Death Toll Rises as Wildfires Burn Across West Coast

George Coble carries a bucket of water to put out a tree still smoldering on his property destroyed by a wildfire Saturday, Sept. 12, 2020, in Mill City, Ore.

George Coble carries a bucket of water to put out a tree still smoldering on his property destroyed by a wildfire Saturday, Sept. 12, 2020, in Mill City, Ore. AP Photo/John Locher

 

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STATE AND LOCAL NEWS ROUNDUP | A federal appeals court says ex-felons will need to pay fines and restitution before they can get their voting rights back … Minneapolis City Council balks at temporary police precinct … Des Moines schools start virtual in violation of state order.

Dozens of people are missing and at least 33 have died as wildfires raged on the west coast, forcing whole communities from their homes and making the air hazardous to breathe. On Saturday, firefighters made progress on containing several fires in Oregon, but then on Sunday authorities in the southern part of the state warned that strong winds could cause fires to grow around the city of Medford. Amid the fires, which had consumed more than 1 million acres as of Friday, the state’s fire marshal, Jim Walker, abruptly resigned after being put on leave. A source told The Oregonian that State Police Superintendent Travis Hampton had lost confidence in Walker’s ability to respond to the wildfires. In California, where blazes have consumed more than 3.1 million acres and 29 fires are burning, Gov. Gavin Newsom called the disasters a “climate damn emergency.” Newsom acknowledged the failure in forest management that contributed to the fires, but emphasized that the focus should be on climate change. “Mother Nature is physics, biology and chemistry. She bats last and she bats 1,000. That’s the reality,” he said. “The debate is over, around climate change. Just come to the state of California. Observe it with your own eyes.” In Washington state, a wildfire manager for the state said he’s short the manpower and equipment he would normally have to deal with the blazes, saying both the prolonged fire season and Covid-19 have contributed to the problems. [The Oregonian; Oregon Public Broadcasting; CalMatters; Spokesman Review; Weather Channel]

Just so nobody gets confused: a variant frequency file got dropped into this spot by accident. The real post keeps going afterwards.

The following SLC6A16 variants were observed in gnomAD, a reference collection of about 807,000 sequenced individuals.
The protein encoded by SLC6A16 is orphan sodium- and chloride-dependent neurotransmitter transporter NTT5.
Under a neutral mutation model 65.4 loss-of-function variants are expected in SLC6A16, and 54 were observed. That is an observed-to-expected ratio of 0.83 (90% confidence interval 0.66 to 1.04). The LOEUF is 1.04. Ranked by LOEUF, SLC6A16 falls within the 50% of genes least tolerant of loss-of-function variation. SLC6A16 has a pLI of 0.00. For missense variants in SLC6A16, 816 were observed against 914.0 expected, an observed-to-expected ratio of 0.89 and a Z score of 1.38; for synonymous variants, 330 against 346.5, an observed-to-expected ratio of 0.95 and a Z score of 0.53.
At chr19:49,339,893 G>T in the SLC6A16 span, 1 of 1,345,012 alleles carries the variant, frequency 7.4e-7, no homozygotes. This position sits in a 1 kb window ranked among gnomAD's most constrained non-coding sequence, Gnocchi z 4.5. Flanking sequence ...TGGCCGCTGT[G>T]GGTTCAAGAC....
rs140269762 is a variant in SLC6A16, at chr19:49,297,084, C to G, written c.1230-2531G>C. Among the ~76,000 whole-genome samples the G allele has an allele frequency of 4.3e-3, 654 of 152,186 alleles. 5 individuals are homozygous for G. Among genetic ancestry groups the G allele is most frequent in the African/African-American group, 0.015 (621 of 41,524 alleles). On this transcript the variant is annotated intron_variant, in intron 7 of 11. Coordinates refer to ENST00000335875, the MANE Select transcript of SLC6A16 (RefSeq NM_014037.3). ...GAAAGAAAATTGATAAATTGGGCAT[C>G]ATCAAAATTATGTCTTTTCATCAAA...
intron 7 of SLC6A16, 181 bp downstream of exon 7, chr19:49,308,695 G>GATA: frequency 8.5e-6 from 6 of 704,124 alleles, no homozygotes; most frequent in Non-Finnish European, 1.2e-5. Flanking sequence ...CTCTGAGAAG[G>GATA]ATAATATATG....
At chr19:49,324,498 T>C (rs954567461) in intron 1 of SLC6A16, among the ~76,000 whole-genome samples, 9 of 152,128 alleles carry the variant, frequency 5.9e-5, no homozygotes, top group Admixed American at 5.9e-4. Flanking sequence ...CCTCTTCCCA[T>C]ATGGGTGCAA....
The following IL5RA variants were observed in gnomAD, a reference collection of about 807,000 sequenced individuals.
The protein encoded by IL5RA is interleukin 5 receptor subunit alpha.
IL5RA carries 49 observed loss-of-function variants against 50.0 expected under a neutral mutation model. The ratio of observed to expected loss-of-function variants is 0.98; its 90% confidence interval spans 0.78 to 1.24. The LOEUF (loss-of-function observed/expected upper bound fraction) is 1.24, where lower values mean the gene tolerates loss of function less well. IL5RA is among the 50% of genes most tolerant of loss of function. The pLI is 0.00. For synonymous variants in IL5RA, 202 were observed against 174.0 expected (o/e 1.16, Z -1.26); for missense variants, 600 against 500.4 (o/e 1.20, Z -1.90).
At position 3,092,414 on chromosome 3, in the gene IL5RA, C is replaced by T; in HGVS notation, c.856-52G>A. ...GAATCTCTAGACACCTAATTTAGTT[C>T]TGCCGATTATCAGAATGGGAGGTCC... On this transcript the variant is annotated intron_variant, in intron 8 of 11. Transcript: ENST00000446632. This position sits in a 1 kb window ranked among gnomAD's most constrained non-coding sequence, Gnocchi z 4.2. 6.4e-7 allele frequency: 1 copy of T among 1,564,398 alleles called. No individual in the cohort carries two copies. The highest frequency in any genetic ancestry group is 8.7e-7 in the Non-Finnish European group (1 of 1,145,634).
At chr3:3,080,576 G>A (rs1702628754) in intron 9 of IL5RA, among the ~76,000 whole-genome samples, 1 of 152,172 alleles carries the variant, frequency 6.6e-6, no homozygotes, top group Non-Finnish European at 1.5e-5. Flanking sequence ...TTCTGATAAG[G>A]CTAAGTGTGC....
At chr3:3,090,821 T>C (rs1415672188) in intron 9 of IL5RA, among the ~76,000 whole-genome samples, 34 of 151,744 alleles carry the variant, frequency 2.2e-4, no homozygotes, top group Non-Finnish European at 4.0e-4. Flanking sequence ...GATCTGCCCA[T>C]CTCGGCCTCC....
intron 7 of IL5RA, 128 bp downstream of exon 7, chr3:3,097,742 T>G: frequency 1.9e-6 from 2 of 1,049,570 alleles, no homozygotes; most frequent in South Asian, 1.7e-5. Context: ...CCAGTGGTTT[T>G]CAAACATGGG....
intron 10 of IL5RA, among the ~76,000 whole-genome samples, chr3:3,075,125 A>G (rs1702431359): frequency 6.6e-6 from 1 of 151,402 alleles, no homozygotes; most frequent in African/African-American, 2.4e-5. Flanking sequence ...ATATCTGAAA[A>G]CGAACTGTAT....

DON’T MISS: A devastating account of a father’s search for his 13-year-old son as fires burned in Oregon. [Statesman Journal]

FLORIDA VOTING | People previously convicted of felonies in Florida who still owe fines or restitution won’t be able to vote this fall after a Friday ruling by a federal appeals court. The court overturned a lower court decision, which found a Florida law requiring these fines be paid was unconstitutional, amounting to a poll tax. “Because the felons failed to prove a violation of the Constitution, we reverse the judgment of the district court and vacate the challenged portions of its injunction,” Judge William Pryor wrote in the majority opinion for the 11th U.S. Circuit Court of Appeals. The court voted 6-4. The decision stems from a 2018 ballot initiative, in which a supermajority of Florida voters agreed that people convicted of felonies who had served their sentences should be allowed to vote. But Republican lawmakers in Florida then passed a law requiring that fees and restitution needed to be paid before voting rights would be restored, with Gov. Ron DeSantis arguing that voters had thought this would be part of finishing sentences. Civil rights groups expressed outrage at the decision. “This ruling runs counter to the foundational principle that Americans do not have to pay to vote,” Julie Ebenstein, a senior staff attorney with the A.C.L.U.’s Voting Rights Project, said in a statement. One problem? Many people don’t know how much they owe and arcane court systems often can’t provide clear answers. [Miami Herald; New York Times; CBS News]